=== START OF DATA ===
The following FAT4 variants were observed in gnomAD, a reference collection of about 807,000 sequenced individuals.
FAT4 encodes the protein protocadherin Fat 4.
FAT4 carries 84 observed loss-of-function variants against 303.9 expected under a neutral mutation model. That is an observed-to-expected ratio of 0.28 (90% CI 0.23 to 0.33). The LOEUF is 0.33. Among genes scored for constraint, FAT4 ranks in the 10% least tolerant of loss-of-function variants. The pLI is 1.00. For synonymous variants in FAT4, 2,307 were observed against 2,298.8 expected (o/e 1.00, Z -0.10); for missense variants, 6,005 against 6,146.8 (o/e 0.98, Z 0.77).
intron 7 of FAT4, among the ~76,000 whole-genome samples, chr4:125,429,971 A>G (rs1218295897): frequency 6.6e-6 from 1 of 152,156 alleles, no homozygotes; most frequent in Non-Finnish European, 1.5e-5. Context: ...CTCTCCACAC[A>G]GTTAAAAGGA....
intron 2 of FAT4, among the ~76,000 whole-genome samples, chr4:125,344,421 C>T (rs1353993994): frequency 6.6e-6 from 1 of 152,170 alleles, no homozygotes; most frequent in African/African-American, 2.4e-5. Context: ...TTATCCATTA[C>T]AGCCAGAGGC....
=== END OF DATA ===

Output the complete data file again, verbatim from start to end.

The following FAT4 variants were observed in gnomAD, a reference collection of about 807,000 sequenced individuals.
FAT4 encodes the protein protocadherin Fat 4.
FAT4 carries 84 observed loss-of-function variants against 303.9 expected under a neutral mutation model. That is an observed-to-expected ratio of 0.28 (90% CI 0.23 to 0.33). The LOEUF is 0.33. Among genes scored for constraint, FAT4 ranks in the 10% least tolerant of loss-of-function variants. The pLI is 1.00. For synonymous variants in FAT4, 2,307 were observed against 2,298.8 expected (o/e 1.00, Z -0.10); for missense variants, 6,005 against 6,146.8 (o/e 0.98, Z 0.77).
intron 7 of FAT4, among the ~76,000 whole-genome samples, chr4:125,429,971 A>G (rs1218295897): frequency 6.6e-6 from 1 of 152,156 alleles, no homozygotes; most frequent in Non-Finnish European, 1.5e-5. Context: ...CTCTCCACAC[A>G]GTTAAAAGGA....
intron 2 of FAT4, among the ~76,000 whole-genome samples, chr4:125,344,421 C>T (rs1353993994): frequency 6.6e-6 from 1 of 152,170 alleles, no homozygotes; most frequent in African/African-American, 2.4e-5. Context: ...TTATCCATTA[C>T]AGCCAGAGGC....